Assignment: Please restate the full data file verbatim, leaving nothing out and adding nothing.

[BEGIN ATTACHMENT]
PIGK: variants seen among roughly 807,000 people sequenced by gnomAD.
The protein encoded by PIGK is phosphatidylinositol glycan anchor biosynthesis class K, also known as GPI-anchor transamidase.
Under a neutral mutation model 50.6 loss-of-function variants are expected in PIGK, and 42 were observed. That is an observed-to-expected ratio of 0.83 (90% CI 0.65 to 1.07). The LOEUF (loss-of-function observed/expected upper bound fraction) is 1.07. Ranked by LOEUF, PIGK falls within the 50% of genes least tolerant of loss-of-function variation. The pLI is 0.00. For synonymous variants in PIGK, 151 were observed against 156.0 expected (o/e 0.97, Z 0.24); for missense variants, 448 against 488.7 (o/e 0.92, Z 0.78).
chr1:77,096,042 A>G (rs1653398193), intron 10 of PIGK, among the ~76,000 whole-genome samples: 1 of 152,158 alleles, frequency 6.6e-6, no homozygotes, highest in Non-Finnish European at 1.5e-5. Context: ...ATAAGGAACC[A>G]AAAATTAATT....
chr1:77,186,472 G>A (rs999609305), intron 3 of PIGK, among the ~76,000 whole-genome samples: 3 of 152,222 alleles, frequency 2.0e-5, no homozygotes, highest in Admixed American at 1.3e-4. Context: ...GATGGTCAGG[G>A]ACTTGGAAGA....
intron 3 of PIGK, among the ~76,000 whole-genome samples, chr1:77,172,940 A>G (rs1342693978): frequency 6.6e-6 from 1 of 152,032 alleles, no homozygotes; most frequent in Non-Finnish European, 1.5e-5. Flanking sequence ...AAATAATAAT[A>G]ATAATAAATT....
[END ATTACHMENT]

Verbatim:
PIGK: variants seen among roughly 807,000 people sequenced by gnomAD.
The protein encoded by PIGK is phosphatidylinositol glycan anchor biosynthesis class K, also known as GPI-anchor transamidase.
Under a neutral mutation model 50.6 loss-of-function variants are expected in PIGK, and 42 were observed. That is an observed-to-expected ratio of 0.83 (90% CI 0.65 to 1.07). The LOEUF (loss-of-function observed/expected upper bound fraction) is 1.07. Ranked by LOEUF, PIGK falls within the 50% of genes least tolerant of loss-of-function variation. The pLI is 0.00. For synonymous variants in PIGK, 151 were observed against 156.0 expected (o/e 0.97, Z 0.24); for missense variants, 448 against 488.7 (o/e 0.92, Z 0.78).
chr1:77,096,042 A>G (rs1653398193), intron 10 of PIGK, among the ~76,000 whole-genome samples: 1 of 152,158 alleles, frequency 6.6e-6, no homozygotes, highest in Non-Finnish European at 1.5e-5. Context: ...ATAAGGAACC[A>G]AAAATTAATT....
chr1:77,186,472 G>A (rs999609305), intron 3 of PIGK, among the ~76,000 whole-genome samples: 3 of 152,222 alleles, frequency 2.0e-5, no homozygotes, highest in Admixed American at 1.3e-4. Context: ...GATGGTCAGG[G>A]ACTTGGAAGA....
intron 3 of PIGK, among the ~76,000 whole-genome samples, chr1:77,172,940 A>G (rs1342693978): frequency 6.6e-6 from 1 of 152,032 alleles, no homozygotes; most frequent in Non-Finnish European, 1.5e-5. Flanking sequence ...AAATAATAAT[A>G]ATAATAAATT....